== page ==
Good Fat and Bad Fat

Health enthusiasts often treat the word as taboo. Those among us, who pay extra attention to what and how we eat to keep ourselves healthy, often avoid fats from our diets. And there is a reason for that. Most of us feel that fats in the food we eat are entirely responsible for the body fats that we want to get rid of. This idea, however, is completely erroneous. Whether or not we eat fats, our body will have fat from other food sources. For example, our bodies store simple carbohydrates like sugar and refined grains as fats. What we need to remember is that fats aren’t all bad for us. There are hundreds of different kinds of fats in our body, and they are absolutely essential for our survival.

Fats are, in fact, one of the three macronutrients that our bodies need to function. In this article, we shall talk more about the sources of fats in our foods, and the kinds that are healthy and separate them from the fats that are unhealthy.

 

Unsaturated Fat: The good fat

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Unsaturated Fats are fats that are beneficial to our health. These are fats that remain liquid at room temperature. Unsaturated fats help in improving cholesterol levels in our bodies. They also stabilize heart rhythm, reduce inflammation, and have several other health benefits. Some plant sources like- seeds, nuts, and vegetable oil are rich in unsaturated fats

Unsaturated Fats can be broadly classified into two groups:

 Monounsaturated Fats:

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Monounsaturated fats are molecules that have one unsaturated carbon to carbon double bond, which makes them liquid at room temperature. Fruits like avocado; seeds like pumpkin seeds and sesame seeds; and nuts, like almonds and hazelnuts contain lots of monounsaturated fats. Olive oil, Peanut oil, and Canola oil have high concentrations of monounsaturated fats as well.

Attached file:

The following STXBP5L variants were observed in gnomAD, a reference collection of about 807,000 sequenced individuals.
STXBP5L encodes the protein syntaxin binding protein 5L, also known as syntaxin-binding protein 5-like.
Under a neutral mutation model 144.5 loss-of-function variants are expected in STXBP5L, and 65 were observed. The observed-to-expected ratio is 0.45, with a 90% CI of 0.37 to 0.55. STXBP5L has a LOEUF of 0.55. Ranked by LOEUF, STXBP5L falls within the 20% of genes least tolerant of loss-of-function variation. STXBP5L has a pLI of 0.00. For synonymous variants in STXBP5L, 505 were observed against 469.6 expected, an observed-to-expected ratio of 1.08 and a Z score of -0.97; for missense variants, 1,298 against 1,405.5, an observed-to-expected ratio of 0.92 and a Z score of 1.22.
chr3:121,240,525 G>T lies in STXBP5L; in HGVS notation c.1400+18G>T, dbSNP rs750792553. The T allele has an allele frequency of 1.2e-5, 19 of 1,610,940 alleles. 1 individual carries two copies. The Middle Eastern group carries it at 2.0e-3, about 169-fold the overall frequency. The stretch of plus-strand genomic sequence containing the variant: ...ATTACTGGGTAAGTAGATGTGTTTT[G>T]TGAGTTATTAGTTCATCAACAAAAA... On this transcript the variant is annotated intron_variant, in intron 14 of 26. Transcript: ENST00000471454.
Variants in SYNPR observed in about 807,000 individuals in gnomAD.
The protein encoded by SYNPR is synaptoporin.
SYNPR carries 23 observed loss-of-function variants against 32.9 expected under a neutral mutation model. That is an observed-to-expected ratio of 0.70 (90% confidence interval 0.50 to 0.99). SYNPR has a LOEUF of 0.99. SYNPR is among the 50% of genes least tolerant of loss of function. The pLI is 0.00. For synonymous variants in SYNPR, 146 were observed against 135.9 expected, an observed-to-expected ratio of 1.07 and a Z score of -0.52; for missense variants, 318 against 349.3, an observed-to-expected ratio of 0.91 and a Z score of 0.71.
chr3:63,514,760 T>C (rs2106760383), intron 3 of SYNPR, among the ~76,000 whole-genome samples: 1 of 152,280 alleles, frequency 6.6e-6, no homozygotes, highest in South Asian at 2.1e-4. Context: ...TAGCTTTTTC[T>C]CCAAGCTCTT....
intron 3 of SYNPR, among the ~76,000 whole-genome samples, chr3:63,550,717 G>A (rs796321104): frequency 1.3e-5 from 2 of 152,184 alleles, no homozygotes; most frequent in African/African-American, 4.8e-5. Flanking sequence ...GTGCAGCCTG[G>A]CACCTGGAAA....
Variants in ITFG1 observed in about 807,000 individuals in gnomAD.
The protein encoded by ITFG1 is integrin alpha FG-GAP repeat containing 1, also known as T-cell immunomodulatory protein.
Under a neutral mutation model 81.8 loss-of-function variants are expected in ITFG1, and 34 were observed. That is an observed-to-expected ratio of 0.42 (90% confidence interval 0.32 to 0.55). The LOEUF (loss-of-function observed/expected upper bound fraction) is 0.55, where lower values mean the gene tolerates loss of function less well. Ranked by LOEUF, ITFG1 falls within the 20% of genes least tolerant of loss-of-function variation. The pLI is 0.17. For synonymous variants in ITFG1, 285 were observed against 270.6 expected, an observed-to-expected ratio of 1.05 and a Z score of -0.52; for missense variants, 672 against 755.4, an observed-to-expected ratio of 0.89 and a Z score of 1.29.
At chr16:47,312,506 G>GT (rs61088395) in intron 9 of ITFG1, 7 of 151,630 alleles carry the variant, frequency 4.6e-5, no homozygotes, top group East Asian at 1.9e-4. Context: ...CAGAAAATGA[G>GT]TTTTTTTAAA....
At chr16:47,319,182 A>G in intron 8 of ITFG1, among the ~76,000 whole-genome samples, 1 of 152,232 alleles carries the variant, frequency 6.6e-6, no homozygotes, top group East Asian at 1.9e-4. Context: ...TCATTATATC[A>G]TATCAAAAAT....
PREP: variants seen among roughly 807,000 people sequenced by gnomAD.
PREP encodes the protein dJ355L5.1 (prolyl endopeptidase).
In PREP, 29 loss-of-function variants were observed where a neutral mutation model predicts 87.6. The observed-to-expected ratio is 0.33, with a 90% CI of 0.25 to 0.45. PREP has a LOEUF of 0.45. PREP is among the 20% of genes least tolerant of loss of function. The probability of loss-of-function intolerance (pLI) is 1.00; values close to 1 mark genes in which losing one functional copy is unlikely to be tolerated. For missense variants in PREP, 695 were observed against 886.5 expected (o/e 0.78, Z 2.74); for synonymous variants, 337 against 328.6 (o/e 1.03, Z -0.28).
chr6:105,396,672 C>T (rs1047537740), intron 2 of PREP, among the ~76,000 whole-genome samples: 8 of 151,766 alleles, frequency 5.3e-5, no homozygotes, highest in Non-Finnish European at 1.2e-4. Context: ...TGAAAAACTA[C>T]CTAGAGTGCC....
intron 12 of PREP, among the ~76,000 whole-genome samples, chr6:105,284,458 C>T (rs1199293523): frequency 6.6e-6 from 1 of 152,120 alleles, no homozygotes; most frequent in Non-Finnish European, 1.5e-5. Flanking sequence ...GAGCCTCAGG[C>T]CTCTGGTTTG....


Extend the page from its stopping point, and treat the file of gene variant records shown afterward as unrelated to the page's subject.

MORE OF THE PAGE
Polyunsaturated Fats:

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These are the most common type of fats that are found in the kitchen- Sunflower oil, corn oil, soybean oil, and flaxseeds oil are all sources of polyunsaturated fats. These fats have two or more double bonds in their carbon chain. Walnuts, flaxseeds, and fish are also great sources of polyunsaturated fats. Omega-3 fatty acids are an important type of polyunsaturated fat that is essential to our health. Omega-3 fatty acids improve heart health by reducing triglyceride and LDL and raising good HDL cholesterol. It also helps in bringing down blood pressure. Fatty fish like salmon, mackerel, and sardines are very good sources of omega-3. Omega-6 fatty acids are another type of polyunsaturated fat that’s good for our health. American Heart Association suggests that 8-10% of daily calories must come from unsaturated fats.

Saturated Fat: The in-between fat

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Saturated fats are extremely common in the foods that we eat. The word saturated refers to the hydrogen atoms surrounding the carbon atom, which, in saturated fats, holds as many hydrogen atoms as possible. They are solid at room temperature. Red meat, Whole milk, and whole milk products, including cheese, butter, cookies, and a variety of fast-food dishes contain saturated fats.